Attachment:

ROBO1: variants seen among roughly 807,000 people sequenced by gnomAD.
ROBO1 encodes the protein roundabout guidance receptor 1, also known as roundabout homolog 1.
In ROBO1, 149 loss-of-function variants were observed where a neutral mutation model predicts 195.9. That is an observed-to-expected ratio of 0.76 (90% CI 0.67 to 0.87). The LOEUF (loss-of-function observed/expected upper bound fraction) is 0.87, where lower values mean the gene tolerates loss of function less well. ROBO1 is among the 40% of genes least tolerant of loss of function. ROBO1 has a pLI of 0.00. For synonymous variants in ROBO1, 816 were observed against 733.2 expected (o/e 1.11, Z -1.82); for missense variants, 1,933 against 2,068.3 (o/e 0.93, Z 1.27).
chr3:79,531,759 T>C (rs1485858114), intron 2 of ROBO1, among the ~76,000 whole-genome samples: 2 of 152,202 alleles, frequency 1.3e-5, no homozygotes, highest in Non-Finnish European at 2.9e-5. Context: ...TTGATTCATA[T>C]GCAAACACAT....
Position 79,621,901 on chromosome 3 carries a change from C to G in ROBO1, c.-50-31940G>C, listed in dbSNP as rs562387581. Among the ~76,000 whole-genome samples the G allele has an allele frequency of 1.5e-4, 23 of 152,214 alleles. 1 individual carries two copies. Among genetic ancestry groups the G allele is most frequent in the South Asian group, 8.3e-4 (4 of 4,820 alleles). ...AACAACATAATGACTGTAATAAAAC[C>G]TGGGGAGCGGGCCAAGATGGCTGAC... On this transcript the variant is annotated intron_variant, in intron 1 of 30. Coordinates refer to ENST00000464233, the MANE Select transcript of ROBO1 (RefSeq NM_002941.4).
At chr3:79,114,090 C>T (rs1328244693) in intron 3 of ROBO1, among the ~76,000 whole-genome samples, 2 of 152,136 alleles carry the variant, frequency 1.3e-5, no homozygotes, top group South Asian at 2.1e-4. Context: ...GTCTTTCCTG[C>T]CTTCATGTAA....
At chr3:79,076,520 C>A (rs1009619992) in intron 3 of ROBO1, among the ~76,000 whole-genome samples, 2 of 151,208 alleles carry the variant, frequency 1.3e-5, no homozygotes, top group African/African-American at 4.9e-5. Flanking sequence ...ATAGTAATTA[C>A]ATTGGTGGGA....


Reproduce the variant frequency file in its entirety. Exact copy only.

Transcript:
ROBO1: variants seen among roughly 807,000 people sequenced by gnomAD.
ROBO1 encodes the protein roundabout guidance receptor 1, also known as roundabout homolog 1.
In ROBO1, 149 loss-of-function variants were observed where a neutral mutation model predicts 195.9. That is an observed-to-expected ratio of 0.76 (90% CI 0.67 to 0.87). The LOEUF (loss-of-function observed/expected upper bound fraction) is 0.87, where lower values mean the gene tolerates loss of function less well. ROBO1 is among the 40% of genes least tolerant of loss of function. ROBO1 has a pLI of 0.00. For synonymous variants in ROBO1, 816 were observed against 733.2 expected (o/e 1.11, Z -1.82); for missense variants, 1,933 against 2,068.3 (o/e 0.93, Z 1.27).
chr3:79,531,759 T>C (rs1485858114), intron 2 of ROBO1, among the ~76,000 whole-genome samples: 2 of 152,202 alleles, frequency 1.3e-5, no homozygotes, highest in Non-Finnish European at 2.9e-5. Context: ...TTGATTCATA[T>C]GCAAACACAT....
Position 79,621,901 on chromosome 3 carries a change from C to G in ROBO1, c.-50-31940G>C, listed in dbSNP as rs562387581. Among the ~76,000 whole-genome samples the G allele has an allele frequency of 1.5e-4, 23 of 152,214 alleles. 1 individual carries two copies. Among genetic ancestry groups the G allele is most frequent in the South Asian group, 8.3e-4 (4 of 4,820 alleles). ...AACAACATAATGACTGTAATAAAAC[C>G]TGGGGAGCGGGCCAAGATGGCTGAC... On this transcript the variant is annotated intron_variant, in intron 1 of 30. Coordinates refer to ENST00000464233, the MANE Select transcript of ROBO1 (RefSeq NM_002941.4).
At chr3:79,114,090 C>T (rs1328244693) in intron 3 of ROBO1, among the ~76,000 whole-genome samples, 2 of 152,136 alleles carry the variant, frequency 1.3e-5, no homozygotes, top group South Asian at 2.1e-4. Context: ...GTCTTTCCTG[C>T]CTTCATGTAA....
At chr3:79,076,520 C>A (rs1009619992) in intron 3 of ROBO1, among the ~76,000 whole-genome samples, 2 of 151,208 alleles carry the variant, frequency 1.3e-5, no homozygotes, top group African/African-American at 4.9e-5. Flanking sequence ...ATAGTAATTA[C>A]ATTGGTGGGA....